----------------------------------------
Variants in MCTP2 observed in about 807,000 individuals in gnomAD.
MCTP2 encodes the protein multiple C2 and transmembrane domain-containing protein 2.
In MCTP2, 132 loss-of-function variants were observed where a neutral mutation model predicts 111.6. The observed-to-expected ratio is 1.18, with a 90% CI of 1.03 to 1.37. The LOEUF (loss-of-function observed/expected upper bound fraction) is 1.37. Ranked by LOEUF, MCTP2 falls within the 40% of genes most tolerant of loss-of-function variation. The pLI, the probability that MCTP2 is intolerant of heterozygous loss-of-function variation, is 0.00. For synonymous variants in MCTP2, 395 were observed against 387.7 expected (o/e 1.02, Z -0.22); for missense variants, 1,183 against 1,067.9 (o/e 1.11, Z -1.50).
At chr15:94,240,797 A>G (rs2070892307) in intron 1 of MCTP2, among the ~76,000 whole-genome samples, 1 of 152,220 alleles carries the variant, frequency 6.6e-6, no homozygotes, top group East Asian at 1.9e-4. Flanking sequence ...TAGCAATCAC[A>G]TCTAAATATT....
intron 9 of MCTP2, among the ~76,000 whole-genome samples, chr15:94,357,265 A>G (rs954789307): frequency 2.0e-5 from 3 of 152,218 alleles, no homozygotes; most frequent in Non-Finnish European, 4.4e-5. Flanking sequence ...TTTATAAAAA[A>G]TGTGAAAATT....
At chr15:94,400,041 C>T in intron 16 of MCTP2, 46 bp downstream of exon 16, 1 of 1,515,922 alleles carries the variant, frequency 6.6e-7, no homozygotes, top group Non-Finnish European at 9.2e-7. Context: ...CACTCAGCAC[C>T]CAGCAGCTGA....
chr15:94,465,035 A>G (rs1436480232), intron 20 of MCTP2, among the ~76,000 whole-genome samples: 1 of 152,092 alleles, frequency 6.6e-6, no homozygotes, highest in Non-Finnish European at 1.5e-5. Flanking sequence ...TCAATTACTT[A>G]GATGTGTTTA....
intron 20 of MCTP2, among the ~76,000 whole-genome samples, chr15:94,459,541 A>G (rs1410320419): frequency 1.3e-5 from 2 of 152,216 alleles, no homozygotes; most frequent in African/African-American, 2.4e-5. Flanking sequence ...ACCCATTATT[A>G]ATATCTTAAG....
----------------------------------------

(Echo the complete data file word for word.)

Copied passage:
Variants in MCTP2 observed in about 807,000 individuals in gnomAD.
MCTP2 encodes the protein multiple C2 and transmembrane domain-containing protein 2.
In MCTP2, 132 loss-of-function variants were observed where a neutral mutation model predicts 111.6. The observed-to-expected ratio is 1.18, with a 90% CI of 1.03 to 1.37. The LOEUF (loss-of-function observed/expected upper bound fraction) is 1.37. Ranked by LOEUF, MCTP2 falls within the 40% of genes most tolerant of loss-of-function variation. The pLI, the probability that MCTP2 is intolerant of heterozygous loss-of-function variation, is 0.00. For synonymous variants in MCTP2, 395 were observed against 387.7 expected (o/e 1.02, Z -0.22); for missense variants, 1,183 against 1,067.9 (o/e 1.11, Z -1.50).
At chr15:94,240,797 A>G (rs2070892307) in intron 1 of MCTP2, among the ~76,000 whole-genome samples, 1 of 152,220 alleles carries the variant, frequency 6.6e-6, no homozygotes, top group East Asian at 1.9e-4. Flanking sequence ...TAGCAATCAC[A>G]TCTAAATATT....
intron 9 of MCTP2, among the ~76,000 whole-genome samples, chr15:94,357,265 A>G (rs954789307): frequency 2.0e-5 from 3 of 152,218 alleles, no homozygotes; most frequent in Non-Finnish European, 4.4e-5. Flanking sequence ...TTTATAAAAA[A>G]TGTGAAAATT....
At chr15:94,400,041 C>T in intron 16 of MCTP2, 46 bp downstream of exon 16, 1 of 1,515,922 alleles carries the variant, frequency 6.6e-7, no homozygotes, top group Non-Finnish European at 9.2e-7. Context: ...CACTCAGCAC[C>T]CAGCAGCTGA....
chr15:94,465,035 A>G (rs1436480232), intron 20 of MCTP2, among the ~76,000 whole-genome samples: 1 of 152,092 alleles, frequency 6.6e-6, no homozygotes, highest in Non-Finnish European at 1.5e-5. Flanking sequence ...TCAATTACTT[A>G]GATGTGTTTA....
intron 20 of MCTP2, among the ~76,000 whole-genome samples, chr15:94,459,541 A>G (rs1410320419): frequency 1.3e-5 from 2 of 152,216 alleles, no homozygotes; most frequent in African/African-American, 2.4e-5. Flanking sequence ...ACCCATTATT[A>G]ATATCTTAAG....